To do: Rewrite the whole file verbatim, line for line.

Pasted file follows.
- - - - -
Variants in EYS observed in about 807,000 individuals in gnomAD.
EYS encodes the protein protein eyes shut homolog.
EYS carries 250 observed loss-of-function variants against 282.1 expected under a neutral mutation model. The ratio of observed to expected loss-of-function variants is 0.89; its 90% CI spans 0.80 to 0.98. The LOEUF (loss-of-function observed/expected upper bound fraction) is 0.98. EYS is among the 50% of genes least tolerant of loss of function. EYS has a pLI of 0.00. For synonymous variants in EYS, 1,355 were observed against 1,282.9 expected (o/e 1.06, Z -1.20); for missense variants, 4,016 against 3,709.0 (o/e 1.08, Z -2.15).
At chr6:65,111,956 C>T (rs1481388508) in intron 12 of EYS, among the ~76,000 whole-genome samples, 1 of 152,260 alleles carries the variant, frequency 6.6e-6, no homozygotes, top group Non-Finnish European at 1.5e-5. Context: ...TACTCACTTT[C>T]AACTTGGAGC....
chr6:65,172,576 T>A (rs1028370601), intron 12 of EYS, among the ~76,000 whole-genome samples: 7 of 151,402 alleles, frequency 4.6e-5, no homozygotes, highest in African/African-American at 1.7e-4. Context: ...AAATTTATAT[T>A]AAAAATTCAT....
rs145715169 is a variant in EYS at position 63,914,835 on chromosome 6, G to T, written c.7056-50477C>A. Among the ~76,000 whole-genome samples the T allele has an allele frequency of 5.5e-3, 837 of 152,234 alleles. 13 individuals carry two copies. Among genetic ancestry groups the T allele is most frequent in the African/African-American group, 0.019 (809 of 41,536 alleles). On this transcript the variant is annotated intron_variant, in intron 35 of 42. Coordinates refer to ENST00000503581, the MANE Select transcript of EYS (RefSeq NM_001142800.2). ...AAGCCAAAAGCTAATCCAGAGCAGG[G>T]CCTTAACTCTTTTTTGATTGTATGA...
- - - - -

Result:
Variants in EYS observed in about 807,000 individuals in gnomAD.
EYS encodes the protein protein eyes shut homolog.
EYS carries 250 observed loss-of-function variants against 282.1 expected under a neutral mutation model. The ratio of observed to expected loss-of-function variants is 0.89; its 90% CI spans 0.80 to 0.98. The LOEUF (loss-of-function observed/expected upper bound fraction) is 0.98. EYS is among the 50% of genes least tolerant of loss of function. EYS has a pLI of 0.00. For synonymous variants in EYS, 1,355 were observed against 1,282.9 expected (o/e 1.06, Z -1.20); for missense variants, 4,016 against 3,709.0 (o/e 1.08, Z -2.15).
At chr6:65,111,956 C>T (rs1481388508) in intron 12 of EYS, among the ~76,000 whole-genome samples, 1 of 152,260 alleles carries the variant, frequency 6.6e-6, no homozygotes, top group Non-Finnish European at 1.5e-5. Context: ...TACTCACTTT[C>T]AACTTGGAGC....
chr6:65,172,576 T>A (rs1028370601), intron 12 of EYS, among the ~76,000 whole-genome samples: 7 of 151,402 alleles, frequency 4.6e-5, no homozygotes, highest in African/African-American at 1.7e-4. Context: ...AAATTTATAT[T>A]AAAAATTCAT....
rs145715169 is a variant in EYS at position 63,914,835 on chromosome 6, G to T, written c.7056-50477C>A. Among the ~76,000 whole-genome samples the T allele has an allele frequency of 5.5e-3, 837 of 152,234 alleles. 13 individuals carry two copies. Among genetic ancestry groups the T allele is most frequent in the African/African-American group, 0.019 (809 of 41,536 alleles). On this transcript the variant is annotated intron_variant, in intron 35 of 42. Coordinates refer to ENST00000503581, the MANE Select transcript of EYS (RefSeq NM_001142800.2). ...AAGCCAAAAGCTAATCCAGAGCAGG[G>T]CCTTAACTCTTTTTTGATTGTATGA...